Silent Stream of Godless Elegy

Návaz

01. Mokoš
02. Zlatohlav
03. Skryj Hlavu Do Dlaní
04. Přísahám
05. Slava
06. Sudice
07. Dva Stíny Mám
08. Pramen, Co Ví
09. Samodiva

[1/17/11]
[Season of Mist]

I wasn’t familiar with these guys when I first put this album on for a spin. The silly name got me to check out their Metal-Archives page, and when I saw they were doom/folk I was willing to check it out, not being a big fan of your traditional black and folk stuff. This is one of those random things that just works out. As far as releases, they’ve had 4 other albums (Iron, Behind the Shadows, Themes, Relic Dances) and 1 EP (Osameli). Their lineup consists of vocalists Hrnec and Hanele, guitarists Radúz and Mira, drummer David (lolwut), bassist Dušan, violinist Palo, and cellist Siki.

This album feels special to me. When I listen to it, I feel it move. It changes, it grows up. It breathes, it thinks, it’s alive. It has this overwhelming presence and atmosphere that it carries. There are things about this album that are hard to describe, so you know it’s good! Truth be told, this is my album of the year so far and it’s going to be hard to knock it down from its perch.

The traditional doom elements of this band are combined with influences from the Moravian region of ancient Czech Republic. The folk is never downplayed by heavy riffs or guttural vocals. Their style is very much a fusion of the two instead of folk coming in and saying hi whenever it feels like it. This is good. The lyrics are all sung in the native Czech, which I prefer. I love listening to singing in other languages because I don’t often understand it and the emotion comes straight from how well they are writing the music itself, instead of how well I can read the lyrics sheet. Emotion is present in every song written on this album, and no song feels the same. The album grow as time goes on, exposing you to different sides of it much like a pretty girl/woman.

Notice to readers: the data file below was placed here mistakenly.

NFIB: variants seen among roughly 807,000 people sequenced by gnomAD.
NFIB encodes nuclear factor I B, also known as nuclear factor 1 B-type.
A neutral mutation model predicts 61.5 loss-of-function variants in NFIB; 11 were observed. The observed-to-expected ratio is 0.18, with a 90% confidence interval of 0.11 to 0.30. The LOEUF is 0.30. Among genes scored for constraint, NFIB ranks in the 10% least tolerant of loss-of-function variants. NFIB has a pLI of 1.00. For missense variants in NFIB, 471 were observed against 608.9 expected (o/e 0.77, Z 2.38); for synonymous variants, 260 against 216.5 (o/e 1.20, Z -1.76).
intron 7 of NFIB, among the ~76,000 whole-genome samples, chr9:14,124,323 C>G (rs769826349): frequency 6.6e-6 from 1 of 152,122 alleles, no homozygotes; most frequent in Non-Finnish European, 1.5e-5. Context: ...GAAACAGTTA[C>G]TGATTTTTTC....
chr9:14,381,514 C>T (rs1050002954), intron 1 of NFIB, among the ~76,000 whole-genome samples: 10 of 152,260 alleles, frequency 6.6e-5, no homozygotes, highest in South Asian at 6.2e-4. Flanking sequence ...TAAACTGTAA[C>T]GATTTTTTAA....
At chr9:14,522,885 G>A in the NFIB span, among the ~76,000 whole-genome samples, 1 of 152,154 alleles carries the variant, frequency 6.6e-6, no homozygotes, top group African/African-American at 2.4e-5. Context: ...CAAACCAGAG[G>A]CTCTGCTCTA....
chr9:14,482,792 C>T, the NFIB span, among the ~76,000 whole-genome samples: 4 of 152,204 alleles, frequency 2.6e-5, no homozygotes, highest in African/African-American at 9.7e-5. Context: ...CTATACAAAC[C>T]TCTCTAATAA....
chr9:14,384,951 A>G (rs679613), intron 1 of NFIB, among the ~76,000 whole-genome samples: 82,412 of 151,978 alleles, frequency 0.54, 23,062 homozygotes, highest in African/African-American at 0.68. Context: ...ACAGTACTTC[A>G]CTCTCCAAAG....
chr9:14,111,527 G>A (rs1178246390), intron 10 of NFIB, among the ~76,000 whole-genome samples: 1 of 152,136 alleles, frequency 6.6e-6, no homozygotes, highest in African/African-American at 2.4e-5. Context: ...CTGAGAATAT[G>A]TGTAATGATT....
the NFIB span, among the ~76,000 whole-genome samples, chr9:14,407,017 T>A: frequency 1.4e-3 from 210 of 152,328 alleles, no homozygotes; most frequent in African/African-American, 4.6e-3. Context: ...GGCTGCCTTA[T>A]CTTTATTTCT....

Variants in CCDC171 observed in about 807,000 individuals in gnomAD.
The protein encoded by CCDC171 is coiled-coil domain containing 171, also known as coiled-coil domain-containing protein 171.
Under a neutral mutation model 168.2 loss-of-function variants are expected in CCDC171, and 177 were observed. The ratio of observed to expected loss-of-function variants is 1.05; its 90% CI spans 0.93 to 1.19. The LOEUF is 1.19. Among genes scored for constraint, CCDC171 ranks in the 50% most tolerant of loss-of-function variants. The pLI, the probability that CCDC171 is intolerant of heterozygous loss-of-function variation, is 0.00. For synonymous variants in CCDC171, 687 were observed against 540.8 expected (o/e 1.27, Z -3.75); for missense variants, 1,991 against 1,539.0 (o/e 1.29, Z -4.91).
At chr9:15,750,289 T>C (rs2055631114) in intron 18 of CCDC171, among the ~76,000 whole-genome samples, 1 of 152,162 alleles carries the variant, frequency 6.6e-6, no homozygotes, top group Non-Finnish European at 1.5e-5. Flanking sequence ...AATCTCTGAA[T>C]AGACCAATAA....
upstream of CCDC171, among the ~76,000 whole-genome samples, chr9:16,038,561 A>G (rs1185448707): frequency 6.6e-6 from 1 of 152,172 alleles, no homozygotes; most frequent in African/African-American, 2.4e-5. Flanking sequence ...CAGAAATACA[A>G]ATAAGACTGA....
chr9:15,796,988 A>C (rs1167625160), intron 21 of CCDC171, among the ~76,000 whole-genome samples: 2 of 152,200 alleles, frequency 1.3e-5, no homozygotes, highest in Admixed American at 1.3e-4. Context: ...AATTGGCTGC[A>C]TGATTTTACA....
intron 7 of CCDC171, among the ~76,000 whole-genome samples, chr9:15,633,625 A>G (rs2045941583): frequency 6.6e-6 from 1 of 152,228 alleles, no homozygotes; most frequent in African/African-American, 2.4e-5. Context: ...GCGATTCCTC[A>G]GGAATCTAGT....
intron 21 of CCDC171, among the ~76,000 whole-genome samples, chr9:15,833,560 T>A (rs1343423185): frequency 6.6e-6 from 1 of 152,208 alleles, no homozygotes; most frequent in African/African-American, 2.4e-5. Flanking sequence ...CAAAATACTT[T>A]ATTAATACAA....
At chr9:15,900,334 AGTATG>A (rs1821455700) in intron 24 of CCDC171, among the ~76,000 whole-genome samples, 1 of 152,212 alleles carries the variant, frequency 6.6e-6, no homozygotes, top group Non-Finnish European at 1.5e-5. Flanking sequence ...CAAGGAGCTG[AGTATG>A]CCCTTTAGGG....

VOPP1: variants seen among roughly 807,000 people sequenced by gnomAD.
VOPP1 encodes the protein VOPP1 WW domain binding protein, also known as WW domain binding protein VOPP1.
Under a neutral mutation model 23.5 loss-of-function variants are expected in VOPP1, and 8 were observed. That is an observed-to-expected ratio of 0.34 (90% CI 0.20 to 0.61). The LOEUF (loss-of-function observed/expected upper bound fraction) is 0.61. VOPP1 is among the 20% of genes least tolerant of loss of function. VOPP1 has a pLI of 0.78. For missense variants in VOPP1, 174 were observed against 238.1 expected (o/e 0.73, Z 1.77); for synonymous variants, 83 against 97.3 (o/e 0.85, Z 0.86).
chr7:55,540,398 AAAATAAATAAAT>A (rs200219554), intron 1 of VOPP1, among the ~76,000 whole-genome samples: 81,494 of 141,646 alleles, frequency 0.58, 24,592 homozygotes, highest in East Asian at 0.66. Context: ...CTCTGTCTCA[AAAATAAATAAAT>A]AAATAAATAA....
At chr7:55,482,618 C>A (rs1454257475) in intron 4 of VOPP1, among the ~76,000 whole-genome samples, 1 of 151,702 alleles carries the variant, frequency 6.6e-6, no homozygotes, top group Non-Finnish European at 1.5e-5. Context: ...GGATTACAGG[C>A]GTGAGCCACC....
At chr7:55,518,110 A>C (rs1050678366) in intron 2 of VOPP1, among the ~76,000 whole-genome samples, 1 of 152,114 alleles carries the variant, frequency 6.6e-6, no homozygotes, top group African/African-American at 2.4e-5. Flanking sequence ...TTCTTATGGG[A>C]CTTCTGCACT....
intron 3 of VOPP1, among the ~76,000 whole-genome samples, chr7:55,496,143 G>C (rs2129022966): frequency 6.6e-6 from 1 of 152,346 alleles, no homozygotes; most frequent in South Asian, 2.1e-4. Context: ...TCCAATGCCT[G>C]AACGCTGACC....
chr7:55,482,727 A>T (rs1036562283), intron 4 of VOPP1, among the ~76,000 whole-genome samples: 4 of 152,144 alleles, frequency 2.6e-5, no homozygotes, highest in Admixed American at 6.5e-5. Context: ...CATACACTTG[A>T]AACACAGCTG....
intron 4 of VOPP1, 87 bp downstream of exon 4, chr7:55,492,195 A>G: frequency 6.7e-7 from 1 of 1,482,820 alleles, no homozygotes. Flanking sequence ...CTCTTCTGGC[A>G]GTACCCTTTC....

Unlike with a lot of the folk metal I’ve listened to over the years, the cello and violin serve a purpose other than to say “hey, we can mix two styles of music”. This is evident in the fact that the guitar, bass, cello, and violin all work together. The guitar and bass aren’t constantly doubling the cello and violin, nor vice versa. They work together but they don’t try to be each other. They accomplish true teamwork. The rhythm on this album is very punch and forceful but not overwhelming. The drum work is great, and the mixing keeps it all in balance. The vocal work is brilliant. The harsh vocals are few and far between, leaving them as a welcomed surprise. The female vocals are amazing. This woman’s voice is perfect, as is her skill as a singer.

As far as the progression in writing on this release goes, once you hit Slava you know you’ve entered something different. Slava is the point in your relationship with this girl, now a woman, where you’re lighting the candles and dimming the lights. She gets a little crazy, but you like it. This becomes the bedroom dynamic for you two. Unlike the first 4 songs, after this turning point balance is thrown askew. Some songs are more percussive, some more traditional, some more metal. All these differences become the common feelings and situations in your relationship. Things, breakdown, things get confusing, things like that. But the core is always there and you both know it. The thought of leaving never crosses your mind. You won’t turn this album off until it’s finished, when you’re both in your graves.

Silent Stream of Godless Elegy – Návaz gets…

-mw

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